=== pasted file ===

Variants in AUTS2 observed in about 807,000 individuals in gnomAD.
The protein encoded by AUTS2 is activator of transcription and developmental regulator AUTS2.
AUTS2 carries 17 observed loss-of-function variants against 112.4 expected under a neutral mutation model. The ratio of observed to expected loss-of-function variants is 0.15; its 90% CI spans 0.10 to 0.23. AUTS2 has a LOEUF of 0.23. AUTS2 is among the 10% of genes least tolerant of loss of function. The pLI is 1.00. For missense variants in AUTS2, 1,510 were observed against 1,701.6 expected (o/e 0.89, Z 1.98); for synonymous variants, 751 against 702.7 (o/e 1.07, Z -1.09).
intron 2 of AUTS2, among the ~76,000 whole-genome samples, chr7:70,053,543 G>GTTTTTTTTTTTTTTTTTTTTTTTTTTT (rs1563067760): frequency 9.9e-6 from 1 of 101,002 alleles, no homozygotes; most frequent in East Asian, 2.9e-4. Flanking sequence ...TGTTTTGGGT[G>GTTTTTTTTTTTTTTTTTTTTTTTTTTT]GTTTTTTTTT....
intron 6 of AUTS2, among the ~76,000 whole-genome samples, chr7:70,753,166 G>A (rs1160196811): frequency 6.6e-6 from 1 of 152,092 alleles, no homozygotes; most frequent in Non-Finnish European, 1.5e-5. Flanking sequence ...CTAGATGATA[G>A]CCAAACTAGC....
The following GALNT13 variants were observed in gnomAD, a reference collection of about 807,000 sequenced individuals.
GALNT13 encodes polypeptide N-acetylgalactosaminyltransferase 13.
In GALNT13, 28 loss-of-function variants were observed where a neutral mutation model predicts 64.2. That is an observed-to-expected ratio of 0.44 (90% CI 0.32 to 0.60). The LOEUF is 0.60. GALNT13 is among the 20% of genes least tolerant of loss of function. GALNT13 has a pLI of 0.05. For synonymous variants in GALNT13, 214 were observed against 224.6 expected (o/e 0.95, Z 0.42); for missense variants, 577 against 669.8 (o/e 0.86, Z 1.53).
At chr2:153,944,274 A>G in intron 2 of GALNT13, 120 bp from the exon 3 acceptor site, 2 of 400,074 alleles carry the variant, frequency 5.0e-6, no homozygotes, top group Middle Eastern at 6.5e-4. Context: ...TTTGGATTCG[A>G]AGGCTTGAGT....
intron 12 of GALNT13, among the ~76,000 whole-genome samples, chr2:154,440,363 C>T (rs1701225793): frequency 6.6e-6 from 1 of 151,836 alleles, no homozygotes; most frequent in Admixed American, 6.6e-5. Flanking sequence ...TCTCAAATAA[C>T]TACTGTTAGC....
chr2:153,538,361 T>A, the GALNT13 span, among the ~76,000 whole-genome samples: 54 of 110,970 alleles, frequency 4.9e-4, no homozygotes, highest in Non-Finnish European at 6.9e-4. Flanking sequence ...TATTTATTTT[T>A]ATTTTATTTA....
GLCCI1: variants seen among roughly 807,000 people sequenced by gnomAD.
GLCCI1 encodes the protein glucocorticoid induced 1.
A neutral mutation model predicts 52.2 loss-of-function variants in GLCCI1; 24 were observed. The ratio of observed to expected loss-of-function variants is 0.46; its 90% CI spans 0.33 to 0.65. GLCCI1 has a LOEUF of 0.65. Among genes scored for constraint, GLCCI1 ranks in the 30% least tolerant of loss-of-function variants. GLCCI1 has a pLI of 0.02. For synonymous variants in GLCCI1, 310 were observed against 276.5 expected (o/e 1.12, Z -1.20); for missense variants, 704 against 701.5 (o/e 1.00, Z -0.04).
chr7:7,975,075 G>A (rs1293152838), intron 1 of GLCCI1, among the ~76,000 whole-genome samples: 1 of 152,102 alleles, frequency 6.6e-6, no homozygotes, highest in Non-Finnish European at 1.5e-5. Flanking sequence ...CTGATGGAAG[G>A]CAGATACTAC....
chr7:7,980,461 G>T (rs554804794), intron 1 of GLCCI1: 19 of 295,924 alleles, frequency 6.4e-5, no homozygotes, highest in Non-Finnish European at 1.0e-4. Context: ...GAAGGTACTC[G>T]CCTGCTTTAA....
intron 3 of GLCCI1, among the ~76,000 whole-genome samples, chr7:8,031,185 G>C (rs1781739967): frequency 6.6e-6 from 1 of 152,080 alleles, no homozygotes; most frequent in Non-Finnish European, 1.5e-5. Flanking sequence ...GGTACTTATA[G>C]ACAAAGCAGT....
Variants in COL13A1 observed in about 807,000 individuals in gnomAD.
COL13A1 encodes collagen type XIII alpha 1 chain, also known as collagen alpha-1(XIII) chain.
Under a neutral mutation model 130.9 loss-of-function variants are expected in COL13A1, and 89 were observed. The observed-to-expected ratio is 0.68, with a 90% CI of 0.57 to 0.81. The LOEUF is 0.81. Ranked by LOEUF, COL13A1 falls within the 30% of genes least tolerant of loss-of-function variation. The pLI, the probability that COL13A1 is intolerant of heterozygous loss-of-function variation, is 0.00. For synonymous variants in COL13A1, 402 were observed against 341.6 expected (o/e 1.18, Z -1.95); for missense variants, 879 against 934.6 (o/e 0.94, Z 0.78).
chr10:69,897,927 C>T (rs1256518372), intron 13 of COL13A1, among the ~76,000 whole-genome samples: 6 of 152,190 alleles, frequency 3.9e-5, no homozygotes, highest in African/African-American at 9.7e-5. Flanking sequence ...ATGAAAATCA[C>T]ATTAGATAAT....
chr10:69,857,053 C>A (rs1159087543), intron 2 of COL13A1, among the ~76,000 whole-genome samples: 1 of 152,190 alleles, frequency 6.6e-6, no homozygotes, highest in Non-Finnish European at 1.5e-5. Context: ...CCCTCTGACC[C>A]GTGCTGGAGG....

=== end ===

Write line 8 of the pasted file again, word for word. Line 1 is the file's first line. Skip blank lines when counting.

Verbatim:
In GALNT13, 28 loss-of-function variants were observed where a neutral mutation model predicts 64.2. That is an observed-to-expected ratio of 0.44 (90% CI 0.32 to 0.60). The LOEUF is 0.60. GALNT13 is among the 20% of genes least tolerant of loss of function. GALNT13 has a pLI of 0.05. For synonymous variants in GALNT13, 214 were observed against 224.6 expected (o/e 0.95, Z 0.42); for missense variants, 577 against 669.8 (o/e 0.86, Z 1.53).